Tuesday, April 1, 2008

The Maps Tell the Tale

Geological Survey, 1890 (copyright © 2000 by Cartography Associates)
David Rumsey Collection

Sampson Murdock, 1888 (copyright © 2000 by Cartography Associates)
David Rumsey Collection.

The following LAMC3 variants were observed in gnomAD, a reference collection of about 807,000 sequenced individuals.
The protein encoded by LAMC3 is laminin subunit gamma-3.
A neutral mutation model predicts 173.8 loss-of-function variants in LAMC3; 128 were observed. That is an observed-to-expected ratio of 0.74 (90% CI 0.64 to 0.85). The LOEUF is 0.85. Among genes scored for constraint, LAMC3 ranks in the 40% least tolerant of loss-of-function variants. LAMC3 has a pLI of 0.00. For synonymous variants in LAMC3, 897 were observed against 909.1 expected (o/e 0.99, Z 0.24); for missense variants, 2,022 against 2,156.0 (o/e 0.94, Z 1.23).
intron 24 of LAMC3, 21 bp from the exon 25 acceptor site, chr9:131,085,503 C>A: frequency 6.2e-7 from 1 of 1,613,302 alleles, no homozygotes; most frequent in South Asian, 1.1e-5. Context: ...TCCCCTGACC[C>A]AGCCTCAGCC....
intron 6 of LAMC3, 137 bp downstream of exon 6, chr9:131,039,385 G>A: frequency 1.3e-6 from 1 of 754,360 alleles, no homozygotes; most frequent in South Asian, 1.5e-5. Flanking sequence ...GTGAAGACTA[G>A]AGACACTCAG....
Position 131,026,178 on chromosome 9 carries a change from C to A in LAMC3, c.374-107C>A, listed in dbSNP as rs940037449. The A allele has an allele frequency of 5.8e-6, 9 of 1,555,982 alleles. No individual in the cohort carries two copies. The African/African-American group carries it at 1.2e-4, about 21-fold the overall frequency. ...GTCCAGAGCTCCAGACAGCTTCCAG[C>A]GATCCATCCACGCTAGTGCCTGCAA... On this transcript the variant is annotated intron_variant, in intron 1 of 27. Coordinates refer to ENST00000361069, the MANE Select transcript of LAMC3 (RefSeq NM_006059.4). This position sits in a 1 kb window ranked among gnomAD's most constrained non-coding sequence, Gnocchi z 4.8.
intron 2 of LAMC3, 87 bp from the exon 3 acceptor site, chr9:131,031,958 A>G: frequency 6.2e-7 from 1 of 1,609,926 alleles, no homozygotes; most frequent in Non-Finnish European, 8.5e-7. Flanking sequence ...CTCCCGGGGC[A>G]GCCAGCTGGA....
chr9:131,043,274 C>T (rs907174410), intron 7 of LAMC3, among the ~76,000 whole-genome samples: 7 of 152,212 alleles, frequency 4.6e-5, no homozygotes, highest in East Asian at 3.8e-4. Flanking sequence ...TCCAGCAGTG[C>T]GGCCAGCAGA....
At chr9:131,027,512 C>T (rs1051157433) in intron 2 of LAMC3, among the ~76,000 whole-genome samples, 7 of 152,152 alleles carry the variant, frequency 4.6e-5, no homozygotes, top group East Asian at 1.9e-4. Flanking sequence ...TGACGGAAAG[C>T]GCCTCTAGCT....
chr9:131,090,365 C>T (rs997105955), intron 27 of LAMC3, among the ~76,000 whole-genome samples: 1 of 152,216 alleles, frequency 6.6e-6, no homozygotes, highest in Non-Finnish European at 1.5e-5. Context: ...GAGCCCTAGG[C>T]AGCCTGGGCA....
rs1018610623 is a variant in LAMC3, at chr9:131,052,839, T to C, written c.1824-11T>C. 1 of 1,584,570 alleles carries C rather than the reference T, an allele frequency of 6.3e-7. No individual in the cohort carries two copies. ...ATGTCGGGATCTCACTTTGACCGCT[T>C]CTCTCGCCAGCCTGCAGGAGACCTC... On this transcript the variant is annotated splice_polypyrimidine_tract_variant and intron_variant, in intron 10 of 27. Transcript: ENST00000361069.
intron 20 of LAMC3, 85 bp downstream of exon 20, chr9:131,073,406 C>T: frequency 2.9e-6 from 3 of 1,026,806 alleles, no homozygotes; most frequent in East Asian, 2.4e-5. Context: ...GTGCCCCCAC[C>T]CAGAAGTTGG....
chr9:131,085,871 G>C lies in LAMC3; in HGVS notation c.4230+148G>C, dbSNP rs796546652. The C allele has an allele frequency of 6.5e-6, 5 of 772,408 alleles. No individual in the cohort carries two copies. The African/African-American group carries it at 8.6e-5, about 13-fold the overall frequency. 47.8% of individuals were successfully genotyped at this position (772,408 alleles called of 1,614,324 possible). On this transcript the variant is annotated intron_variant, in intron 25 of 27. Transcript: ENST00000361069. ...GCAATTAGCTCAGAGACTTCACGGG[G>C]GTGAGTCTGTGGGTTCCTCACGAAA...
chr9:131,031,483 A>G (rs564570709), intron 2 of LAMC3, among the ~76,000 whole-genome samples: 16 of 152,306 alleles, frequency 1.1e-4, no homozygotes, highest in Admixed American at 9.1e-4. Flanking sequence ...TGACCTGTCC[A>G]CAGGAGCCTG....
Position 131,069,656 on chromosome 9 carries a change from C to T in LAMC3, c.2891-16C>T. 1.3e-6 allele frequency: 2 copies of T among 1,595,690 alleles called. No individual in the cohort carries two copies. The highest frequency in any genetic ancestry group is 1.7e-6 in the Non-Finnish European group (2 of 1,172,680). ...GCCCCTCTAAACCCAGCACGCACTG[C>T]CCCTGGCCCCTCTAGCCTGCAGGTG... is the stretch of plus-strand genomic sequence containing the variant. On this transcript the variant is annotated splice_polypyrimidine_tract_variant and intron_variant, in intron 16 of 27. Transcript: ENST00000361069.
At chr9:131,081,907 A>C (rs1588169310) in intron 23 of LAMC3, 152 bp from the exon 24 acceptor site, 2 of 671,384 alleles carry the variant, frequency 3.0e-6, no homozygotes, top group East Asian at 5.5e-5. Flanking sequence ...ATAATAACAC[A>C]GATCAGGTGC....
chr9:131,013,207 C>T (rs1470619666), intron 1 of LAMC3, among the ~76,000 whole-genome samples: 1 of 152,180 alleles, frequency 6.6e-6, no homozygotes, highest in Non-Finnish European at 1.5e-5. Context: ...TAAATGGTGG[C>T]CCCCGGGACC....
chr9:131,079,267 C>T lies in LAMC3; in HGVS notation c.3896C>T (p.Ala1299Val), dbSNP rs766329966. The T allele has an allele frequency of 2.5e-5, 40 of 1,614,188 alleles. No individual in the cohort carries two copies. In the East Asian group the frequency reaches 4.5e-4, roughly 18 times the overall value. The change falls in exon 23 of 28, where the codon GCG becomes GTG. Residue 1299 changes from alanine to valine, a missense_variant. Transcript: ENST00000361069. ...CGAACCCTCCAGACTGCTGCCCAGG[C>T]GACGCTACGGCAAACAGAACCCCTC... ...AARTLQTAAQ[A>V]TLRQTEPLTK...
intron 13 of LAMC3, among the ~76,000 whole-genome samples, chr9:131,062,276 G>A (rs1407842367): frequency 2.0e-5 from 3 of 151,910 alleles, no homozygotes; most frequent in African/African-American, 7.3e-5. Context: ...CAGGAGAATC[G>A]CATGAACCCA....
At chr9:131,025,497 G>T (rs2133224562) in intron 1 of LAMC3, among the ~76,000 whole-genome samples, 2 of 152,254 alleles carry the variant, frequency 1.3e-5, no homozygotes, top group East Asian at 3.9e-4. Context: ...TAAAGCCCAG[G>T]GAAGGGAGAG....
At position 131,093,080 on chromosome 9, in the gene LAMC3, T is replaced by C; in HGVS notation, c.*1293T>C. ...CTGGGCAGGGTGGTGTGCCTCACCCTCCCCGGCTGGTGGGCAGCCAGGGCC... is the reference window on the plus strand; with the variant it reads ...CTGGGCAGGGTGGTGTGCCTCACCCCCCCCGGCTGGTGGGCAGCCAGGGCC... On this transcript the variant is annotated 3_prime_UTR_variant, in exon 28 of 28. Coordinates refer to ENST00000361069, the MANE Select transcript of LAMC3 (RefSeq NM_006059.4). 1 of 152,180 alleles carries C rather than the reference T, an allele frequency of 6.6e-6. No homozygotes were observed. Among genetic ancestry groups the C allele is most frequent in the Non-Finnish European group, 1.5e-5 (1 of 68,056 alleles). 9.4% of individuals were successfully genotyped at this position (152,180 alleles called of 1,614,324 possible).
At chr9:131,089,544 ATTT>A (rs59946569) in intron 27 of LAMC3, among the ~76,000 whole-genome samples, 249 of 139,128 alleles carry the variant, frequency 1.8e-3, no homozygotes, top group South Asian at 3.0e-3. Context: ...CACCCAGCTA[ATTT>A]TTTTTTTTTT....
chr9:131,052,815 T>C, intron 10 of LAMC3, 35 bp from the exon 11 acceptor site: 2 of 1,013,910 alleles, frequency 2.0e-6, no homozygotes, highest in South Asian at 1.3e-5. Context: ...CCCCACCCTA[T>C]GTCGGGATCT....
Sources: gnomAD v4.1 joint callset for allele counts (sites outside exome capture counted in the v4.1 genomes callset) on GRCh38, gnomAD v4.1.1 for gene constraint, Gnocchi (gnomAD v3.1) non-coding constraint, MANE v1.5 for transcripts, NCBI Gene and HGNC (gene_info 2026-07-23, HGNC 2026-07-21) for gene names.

I've put up both segments of historical maps and links to the originals. The Sampson Murdock map from 1888 and the Geologic Survey map from 1890 show the extent of Stony Brook. To the east, the brook wraps around Forest Hills Cemetery and approaches Blue Hill Ave. The southernmost source comes out of Turtle Pond, listed as Muddy Pond on early maps. In West Roxbury, the brook is shown near the train station at Centre St. across from Holy Name Church. The Allandale Woods branch (Bussey or Sawmill Brook) begins near Brookline and the West Roxbury Pky/V.F.W. Pky rotary. To the northwest, Goldsmith Brook sources in the Arnold Arboretum and from between Prince and Rockwood Sts. Now the concerns about flooding in Jamaica Plain and Roxbury make sense. While many of these tributaries may have been dry in August, during heavy rains and in the spring thaw, everything north of Bellvue Hill in West Roxbury drained into our Stony Brook. A spring walk through the Blue Hills in Milton will demonstrate how dry stream beds can fill and collect into temporary ponds overnight. When I imagine Hyde Park, West Roxbury, Roslindale and Jamaica Plain covered in trees, pastures and fields similar to the Blue Hills reservation today, the need to contain Stony Brook makes perfect sense. Now I know why I was born blocks away from the brook and didn't know the story of its existence until recently.

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